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Scand J Public Health. 2017 Feb;45(1):42-49. doi: 10.1177/1403494816680802.

How can professionals carry out recognition towards children of parents with alcohol problems? A qualitative interview study.

Author information

1
1 Health Services Research Unit (HØKH), Akershus University Hospital, Lørenskog, Norway.
2
2 Research Unit for General Practice, Uni Research Health, Bergen, Norway.
3
3 Department of Global Public Health and Primary Care, University of Bergen, Bergen, Norway.
4
4 The Research Unit for General Practice and Section of General Practice, Department of Public Health, University of Copenhagen, Denmark.

Abstract

AIM:

The aim of this study was to explore informal adult support experienced by children with parental alcohol problems to understand how professionals can show recognition in a similar way.

METHODS:

We conducted a qualitative interview study with retrospective accounts from nine adults growing up with problem-drinking parents. Data were analysed with systematic text condensation. Goffman's concept "frame" offered a lens to study how supportive situations were defined and to understand opportunities and limitations for translation of recognition acts and attitudes to professional contexts.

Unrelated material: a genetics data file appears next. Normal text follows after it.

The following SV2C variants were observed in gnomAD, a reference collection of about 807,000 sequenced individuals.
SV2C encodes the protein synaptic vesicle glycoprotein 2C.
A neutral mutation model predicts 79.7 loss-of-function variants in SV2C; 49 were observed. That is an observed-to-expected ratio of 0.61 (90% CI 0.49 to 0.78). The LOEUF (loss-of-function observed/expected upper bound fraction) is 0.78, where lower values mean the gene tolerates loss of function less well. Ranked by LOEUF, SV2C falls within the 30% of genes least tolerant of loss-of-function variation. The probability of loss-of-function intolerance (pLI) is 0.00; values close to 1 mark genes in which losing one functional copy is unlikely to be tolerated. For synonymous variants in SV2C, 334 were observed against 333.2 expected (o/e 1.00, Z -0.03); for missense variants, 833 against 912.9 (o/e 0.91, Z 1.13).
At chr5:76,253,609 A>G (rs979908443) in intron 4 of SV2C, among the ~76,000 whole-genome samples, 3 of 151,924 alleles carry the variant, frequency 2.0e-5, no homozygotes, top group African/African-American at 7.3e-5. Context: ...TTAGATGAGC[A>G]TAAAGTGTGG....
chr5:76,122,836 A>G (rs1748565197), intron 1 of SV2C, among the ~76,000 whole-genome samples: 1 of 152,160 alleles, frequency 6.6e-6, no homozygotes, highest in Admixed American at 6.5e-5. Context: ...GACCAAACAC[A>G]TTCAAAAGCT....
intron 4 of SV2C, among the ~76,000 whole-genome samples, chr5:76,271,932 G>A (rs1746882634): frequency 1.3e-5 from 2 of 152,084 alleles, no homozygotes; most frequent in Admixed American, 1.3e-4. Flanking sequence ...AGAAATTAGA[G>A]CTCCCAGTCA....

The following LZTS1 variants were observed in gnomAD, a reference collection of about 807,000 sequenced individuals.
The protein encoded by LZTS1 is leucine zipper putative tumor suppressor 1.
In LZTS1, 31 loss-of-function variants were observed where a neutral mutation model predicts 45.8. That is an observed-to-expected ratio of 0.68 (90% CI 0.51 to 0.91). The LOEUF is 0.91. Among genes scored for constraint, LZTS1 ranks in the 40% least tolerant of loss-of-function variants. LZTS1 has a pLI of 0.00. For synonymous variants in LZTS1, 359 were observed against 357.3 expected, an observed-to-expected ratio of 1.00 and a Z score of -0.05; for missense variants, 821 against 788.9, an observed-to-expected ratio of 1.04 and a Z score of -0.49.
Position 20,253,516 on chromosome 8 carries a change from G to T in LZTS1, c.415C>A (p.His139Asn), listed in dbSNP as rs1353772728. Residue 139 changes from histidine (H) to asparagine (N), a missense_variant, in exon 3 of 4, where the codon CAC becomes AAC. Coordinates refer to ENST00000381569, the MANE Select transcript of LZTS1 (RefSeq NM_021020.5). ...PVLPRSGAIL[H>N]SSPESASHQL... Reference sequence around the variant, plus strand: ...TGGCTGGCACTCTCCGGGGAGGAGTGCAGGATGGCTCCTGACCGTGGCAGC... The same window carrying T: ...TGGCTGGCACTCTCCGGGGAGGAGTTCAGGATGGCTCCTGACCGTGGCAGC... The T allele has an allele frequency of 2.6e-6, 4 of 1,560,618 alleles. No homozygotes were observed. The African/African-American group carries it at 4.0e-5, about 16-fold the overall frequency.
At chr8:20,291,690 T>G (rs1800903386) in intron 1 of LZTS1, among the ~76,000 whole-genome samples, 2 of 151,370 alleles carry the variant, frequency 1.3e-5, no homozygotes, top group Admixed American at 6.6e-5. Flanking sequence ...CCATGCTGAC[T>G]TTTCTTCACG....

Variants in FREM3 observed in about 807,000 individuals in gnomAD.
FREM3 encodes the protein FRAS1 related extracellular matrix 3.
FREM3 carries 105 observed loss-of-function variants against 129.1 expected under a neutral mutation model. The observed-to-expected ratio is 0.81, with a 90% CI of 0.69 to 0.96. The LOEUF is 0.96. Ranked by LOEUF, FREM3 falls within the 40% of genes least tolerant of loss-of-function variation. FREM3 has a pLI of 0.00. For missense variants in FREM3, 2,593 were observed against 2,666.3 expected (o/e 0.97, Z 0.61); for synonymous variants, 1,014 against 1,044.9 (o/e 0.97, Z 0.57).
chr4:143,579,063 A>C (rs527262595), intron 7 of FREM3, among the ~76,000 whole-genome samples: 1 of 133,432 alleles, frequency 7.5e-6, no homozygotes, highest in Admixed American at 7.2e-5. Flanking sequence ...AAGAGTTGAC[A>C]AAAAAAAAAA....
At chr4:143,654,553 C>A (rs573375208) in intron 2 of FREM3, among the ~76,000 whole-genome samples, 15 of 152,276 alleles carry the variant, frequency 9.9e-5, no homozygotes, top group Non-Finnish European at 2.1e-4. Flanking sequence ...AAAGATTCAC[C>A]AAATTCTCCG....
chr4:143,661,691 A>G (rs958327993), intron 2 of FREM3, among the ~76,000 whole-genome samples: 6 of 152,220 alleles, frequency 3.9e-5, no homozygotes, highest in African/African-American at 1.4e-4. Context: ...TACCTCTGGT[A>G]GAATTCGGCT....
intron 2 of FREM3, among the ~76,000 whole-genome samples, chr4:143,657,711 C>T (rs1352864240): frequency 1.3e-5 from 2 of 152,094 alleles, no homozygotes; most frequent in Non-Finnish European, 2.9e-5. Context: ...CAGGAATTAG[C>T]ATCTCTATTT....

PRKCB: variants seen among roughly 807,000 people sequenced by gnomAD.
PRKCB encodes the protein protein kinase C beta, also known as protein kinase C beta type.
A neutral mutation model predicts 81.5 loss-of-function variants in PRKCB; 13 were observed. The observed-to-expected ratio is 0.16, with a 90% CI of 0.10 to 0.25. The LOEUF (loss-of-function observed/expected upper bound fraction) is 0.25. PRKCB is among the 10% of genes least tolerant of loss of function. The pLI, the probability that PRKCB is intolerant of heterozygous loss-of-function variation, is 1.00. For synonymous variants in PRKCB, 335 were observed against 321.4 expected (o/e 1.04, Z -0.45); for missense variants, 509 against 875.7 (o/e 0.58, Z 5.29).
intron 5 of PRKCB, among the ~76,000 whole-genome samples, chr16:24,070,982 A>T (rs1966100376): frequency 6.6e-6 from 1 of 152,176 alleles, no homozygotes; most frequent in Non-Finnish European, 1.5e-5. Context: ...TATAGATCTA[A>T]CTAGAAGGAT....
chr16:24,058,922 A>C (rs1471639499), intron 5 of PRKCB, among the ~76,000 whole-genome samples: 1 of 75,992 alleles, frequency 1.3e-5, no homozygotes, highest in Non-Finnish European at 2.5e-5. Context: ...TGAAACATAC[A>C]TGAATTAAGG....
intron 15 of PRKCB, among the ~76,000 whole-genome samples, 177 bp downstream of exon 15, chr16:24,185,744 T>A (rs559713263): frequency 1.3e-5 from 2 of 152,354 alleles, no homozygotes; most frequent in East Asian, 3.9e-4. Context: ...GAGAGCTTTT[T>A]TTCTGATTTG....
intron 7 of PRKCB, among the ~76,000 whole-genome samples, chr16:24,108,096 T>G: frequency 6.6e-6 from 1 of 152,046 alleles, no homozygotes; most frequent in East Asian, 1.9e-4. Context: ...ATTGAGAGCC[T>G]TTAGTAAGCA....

RESULTS:

Analysis demonstrated frames of commonplace interaction where children experienced that adults recognised and responded to their needs. However, the silent support from an adult who recognised the problems without responding was an ambiguous frame. The child sometimes felt betrayed. Concentrating on frames of recognition which could be passed over to professional interactions, we noticed that participants called for a safe harbour, providing a sense of normality. Being with friends and their families, escaping difficulties at home without having to tell, was emphasised as important. Recognition was experienced when an adult with respect and dignity offered an open opportunity to address the problems, without pushing towards further communication.

CONCLUSIONS:

Our study indicates some specific lessons to be learnt about recognition for professional service providers from everyday situations. Frames of recognition, communicating availability and normality, and also unconditional confidentiality and safety when sharing problems may also be offered by professionals in public healthcare within their current frames of competency and time.

KEYWORDS:

Alcohol problems; childhood; primary care; public health; qualitative interviews; recognition; social interaction

PMID:
27903795
DOI:
10.1177/1403494816680802
[Indexed for MEDLINE]

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